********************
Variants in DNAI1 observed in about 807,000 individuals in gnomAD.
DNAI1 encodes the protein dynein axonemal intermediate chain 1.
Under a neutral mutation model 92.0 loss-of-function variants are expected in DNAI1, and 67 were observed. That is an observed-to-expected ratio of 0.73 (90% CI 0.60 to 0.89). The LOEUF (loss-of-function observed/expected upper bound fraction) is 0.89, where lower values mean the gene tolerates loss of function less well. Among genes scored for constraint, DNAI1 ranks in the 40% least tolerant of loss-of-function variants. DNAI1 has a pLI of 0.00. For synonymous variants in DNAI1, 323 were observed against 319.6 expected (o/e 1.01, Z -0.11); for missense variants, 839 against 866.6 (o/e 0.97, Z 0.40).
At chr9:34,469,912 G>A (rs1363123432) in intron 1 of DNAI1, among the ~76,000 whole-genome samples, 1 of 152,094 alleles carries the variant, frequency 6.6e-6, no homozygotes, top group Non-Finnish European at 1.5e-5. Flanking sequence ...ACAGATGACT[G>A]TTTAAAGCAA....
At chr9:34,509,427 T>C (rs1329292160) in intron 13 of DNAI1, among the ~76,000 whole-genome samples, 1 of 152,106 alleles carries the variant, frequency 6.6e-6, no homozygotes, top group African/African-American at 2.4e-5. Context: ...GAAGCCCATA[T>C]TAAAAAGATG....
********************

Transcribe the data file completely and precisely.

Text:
Variants in DNAI1 observed in about 807,000 individuals in gnomAD.
DNAI1 encodes the protein dynein axonemal intermediate chain 1.
Under a neutral mutation model 92.0 loss-of-function variants are expected in DNAI1, and 67 were observed. That is an observed-to-expected ratio of 0.73 (90% CI 0.60 to 0.89). The LOEUF (loss-of-function observed/expected upper bound fraction) is 0.89, where lower values mean the gene tolerates loss of function less well. Among genes scored for constraint, DNAI1 ranks in the 40% least tolerant of loss-of-function variants. DNAI1 has a pLI of 0.00. For synonymous variants in DNAI1, 323 were observed against 319.6 expected (o/e 1.01, Z -0.11); for missense variants, 839 against 866.6 (o/e 0.97, Z 0.40).
At chr9:34,469,912 G>A (rs1363123432) in intron 1 of DNAI1, among the ~76,000 whole-genome samples, 1 of 152,094 alleles carries the variant, frequency 6.6e-6, no homozygotes, top group Non-Finnish European at 1.5e-5. Flanking sequence ...ACAGATGACT[G>A]TTTAAAGCAA....
At chr9:34,509,427 T>C (rs1329292160) in intron 13 of DNAI1, among the ~76,000 whole-genome samples, 1 of 152,106 alleles carries the variant, frequency 6.6e-6, no homozygotes, top group African/African-American at 2.4e-5. Context: ...GAAGCCCATA[T>C]TAAAAAGATG....